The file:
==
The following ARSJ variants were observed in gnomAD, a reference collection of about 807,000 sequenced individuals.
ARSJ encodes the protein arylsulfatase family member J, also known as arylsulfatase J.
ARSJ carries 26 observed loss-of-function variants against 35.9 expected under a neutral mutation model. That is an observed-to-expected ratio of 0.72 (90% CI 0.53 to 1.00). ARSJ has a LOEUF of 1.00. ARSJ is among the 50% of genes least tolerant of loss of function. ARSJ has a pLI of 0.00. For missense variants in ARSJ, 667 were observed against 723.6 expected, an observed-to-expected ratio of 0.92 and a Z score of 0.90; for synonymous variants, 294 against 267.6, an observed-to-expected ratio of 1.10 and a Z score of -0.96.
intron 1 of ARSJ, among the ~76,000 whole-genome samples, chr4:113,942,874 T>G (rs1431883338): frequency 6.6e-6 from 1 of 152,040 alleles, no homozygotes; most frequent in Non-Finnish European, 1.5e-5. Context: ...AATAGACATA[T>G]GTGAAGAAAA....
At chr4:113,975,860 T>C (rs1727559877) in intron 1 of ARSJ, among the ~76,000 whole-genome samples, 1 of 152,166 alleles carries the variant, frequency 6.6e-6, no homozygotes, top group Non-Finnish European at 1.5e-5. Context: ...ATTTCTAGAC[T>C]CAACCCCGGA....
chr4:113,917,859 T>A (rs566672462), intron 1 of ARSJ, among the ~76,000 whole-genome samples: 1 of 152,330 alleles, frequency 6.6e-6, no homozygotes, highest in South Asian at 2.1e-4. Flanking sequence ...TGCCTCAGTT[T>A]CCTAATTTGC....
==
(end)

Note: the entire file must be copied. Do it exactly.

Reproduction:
The following ARSJ variants were observed in gnomAD, a reference collection of about 807,000 sequenced individuals.
ARSJ encodes the protein arylsulfatase family member J, also known as arylsulfatase J.
ARSJ carries 26 observed loss-of-function variants against 35.9 expected under a neutral mutation model. That is an observed-to-expected ratio of 0.72 (90% CI 0.53 to 1.00). ARSJ has a LOEUF of 1.00. ARSJ is among the 50% of genes least tolerant of loss of function. ARSJ has a pLI of 0.00. For missense variants in ARSJ, 667 were observed against 723.6 expected, an observed-to-expected ratio of 0.92 and a Z score of 0.90; for synonymous variants, 294 against 267.6, an observed-to-expected ratio of 1.10 and a Z score of -0.96.
intron 1 of ARSJ, among the ~76,000 whole-genome samples, chr4:113,942,874 T>G (rs1431883338): frequency 6.6e-6 from 1 of 152,040 alleles, no homozygotes; most frequent in Non-Finnish European, 1.5e-5. Context: ...AATAGACATA[T>G]GTGAAGAAAA....
At chr4:113,975,860 T>C (rs1727559877) in intron 1 of ARSJ, among the ~76,000 whole-genome samples, 1 of 152,166 alleles carries the variant, frequency 6.6e-6, no homozygotes, top group Non-Finnish European at 1.5e-5. Context: ...ATTTCTAGAC[T>C]CAACCCCGGA....
chr4:113,917,859 T>A (rs566672462), intron 1 of ARSJ, among the ~76,000 whole-genome samples: 1 of 152,330 alleles, frequency 6.6e-6, no homozygotes, highest in South Asian at 2.1e-4. Flanking sequence ...TGCCTCAGTT[T>A]CCTAATTTGC....